Marriage: a field of openness and accountability 

​A healthy relationship or marriage requires honesty in all things!

In marriage, your partner has every right to have access to your phone; and in fact, investigate whatever they want on it. It’s just not always recommended because of not wanting to encourage or breed unnecessary suspicious behaviours towards each other as couples. But the simple truth is that marriage is a field of openness and truthfulness.

A part of marriage means or involves accountability. If you don’t want to be accountable to your spouse then you don’t need marriage. I don’t see why you would want marriage yet not want to be accountable to your partner. 

The moment you decide to marry, you are saying you want to be responsible and you’re giving your partner exclusive rights to information on every detail of your life. Every action of yours affects your marriage, as such, it is every partner’s duty to keep the other in check. If you don’t want that, then you simply have to remain single because you can’t be married and still have singleness attitudes and mindsets.  

Singles are only accountable onto themselves but once married, you are accountable to each other. The marriage vow enjoins you to. 

Our accountability in marriage is not only in the eyes of God but also to our spouses; as such, you must not resent being checked by your spouse. 

The trademark of a strong Godly marriage is complete openness; a relationship where couples can talk freely about absolutely everything. If you are faithful, there is no reason to want to hide anything. What at all is on your phone that you are hiding from being seen by your spouse?

Some may say one’s partner may see something that may trigger mistrust but the point is, trust never happens in a vacuum. It’s based on actions…always! I can never wake up one day and just start trusting someone. I must see evidences of your actions over a period of time to conclude on trusting you. And who said trust is a one time thing? It never is. It is constantly being assessed and daily renewed.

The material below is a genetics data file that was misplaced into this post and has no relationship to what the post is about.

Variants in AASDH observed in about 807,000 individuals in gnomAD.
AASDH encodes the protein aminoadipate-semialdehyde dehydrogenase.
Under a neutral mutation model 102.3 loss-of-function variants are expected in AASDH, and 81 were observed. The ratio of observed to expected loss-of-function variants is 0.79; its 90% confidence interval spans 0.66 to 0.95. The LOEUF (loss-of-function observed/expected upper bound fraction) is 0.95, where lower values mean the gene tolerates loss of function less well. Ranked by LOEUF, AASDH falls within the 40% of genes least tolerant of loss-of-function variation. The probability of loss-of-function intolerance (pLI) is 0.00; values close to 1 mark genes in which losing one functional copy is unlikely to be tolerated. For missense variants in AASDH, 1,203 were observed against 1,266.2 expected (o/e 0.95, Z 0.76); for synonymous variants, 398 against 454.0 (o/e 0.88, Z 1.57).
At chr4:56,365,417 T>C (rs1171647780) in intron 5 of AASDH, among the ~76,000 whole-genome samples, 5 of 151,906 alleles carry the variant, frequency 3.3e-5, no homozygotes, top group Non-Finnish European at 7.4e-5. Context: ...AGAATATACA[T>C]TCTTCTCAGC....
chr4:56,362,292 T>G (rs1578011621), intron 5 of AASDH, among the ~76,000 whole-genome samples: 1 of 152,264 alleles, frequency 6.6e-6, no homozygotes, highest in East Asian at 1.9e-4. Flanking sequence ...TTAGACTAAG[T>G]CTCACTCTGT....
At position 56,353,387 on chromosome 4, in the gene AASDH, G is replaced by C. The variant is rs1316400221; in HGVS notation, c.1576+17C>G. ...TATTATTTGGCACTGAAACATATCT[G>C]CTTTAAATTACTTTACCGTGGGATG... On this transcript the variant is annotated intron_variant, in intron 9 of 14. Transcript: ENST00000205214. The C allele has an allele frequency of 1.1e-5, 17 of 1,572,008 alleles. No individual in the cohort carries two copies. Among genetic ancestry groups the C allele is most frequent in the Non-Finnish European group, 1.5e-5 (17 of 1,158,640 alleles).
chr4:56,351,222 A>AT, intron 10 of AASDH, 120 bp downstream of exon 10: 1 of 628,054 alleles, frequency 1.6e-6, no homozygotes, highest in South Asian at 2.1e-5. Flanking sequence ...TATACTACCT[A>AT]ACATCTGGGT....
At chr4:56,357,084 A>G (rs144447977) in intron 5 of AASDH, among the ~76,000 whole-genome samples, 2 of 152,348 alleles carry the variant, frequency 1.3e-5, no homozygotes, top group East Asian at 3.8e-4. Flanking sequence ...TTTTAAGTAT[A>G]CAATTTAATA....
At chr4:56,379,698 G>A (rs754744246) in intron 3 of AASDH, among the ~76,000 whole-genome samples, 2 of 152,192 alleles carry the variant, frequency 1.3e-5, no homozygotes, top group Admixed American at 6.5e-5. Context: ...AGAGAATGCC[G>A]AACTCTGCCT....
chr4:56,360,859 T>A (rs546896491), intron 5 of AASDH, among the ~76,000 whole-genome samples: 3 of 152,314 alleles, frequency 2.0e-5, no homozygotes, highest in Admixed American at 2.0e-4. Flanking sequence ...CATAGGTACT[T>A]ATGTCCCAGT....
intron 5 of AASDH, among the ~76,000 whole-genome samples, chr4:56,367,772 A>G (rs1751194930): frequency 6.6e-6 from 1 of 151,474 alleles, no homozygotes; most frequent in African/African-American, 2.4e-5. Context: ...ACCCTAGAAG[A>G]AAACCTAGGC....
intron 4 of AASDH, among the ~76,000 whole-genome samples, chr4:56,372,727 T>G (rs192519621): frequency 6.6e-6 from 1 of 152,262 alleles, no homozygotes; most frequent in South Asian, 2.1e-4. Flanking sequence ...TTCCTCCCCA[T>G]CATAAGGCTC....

If a partner thinks once you marry, trust must just be there automatically, I don’t want to marry such a person. You need to continuously prove to me that I can trust you and I can never do that without genuine openness and accountability for your actions. 

So yes, If I chance on something unpleasant or suspicious on your phone, there is something called explanation, clearing of doubts or putting things in their right context. It’s only people who don’t want to be accountable that don’t like being questioned. And for me, once you don’t want to be accountable and subject yourself to scrutiny, then you are a questionable marriage material. Even Jesus Christ says he will judge us so we must be accountable and if that’s cool with us, then it must be cool that we are accountable to our marriage or partners. 

The simple truth is that in marriage, both of you need to take joint responsibility for how the marriage is doing. How do you do that when you want to keep some things a no-go area? 

Share your thoughts with us. 

©Mark Gadogbe (McApple), 2017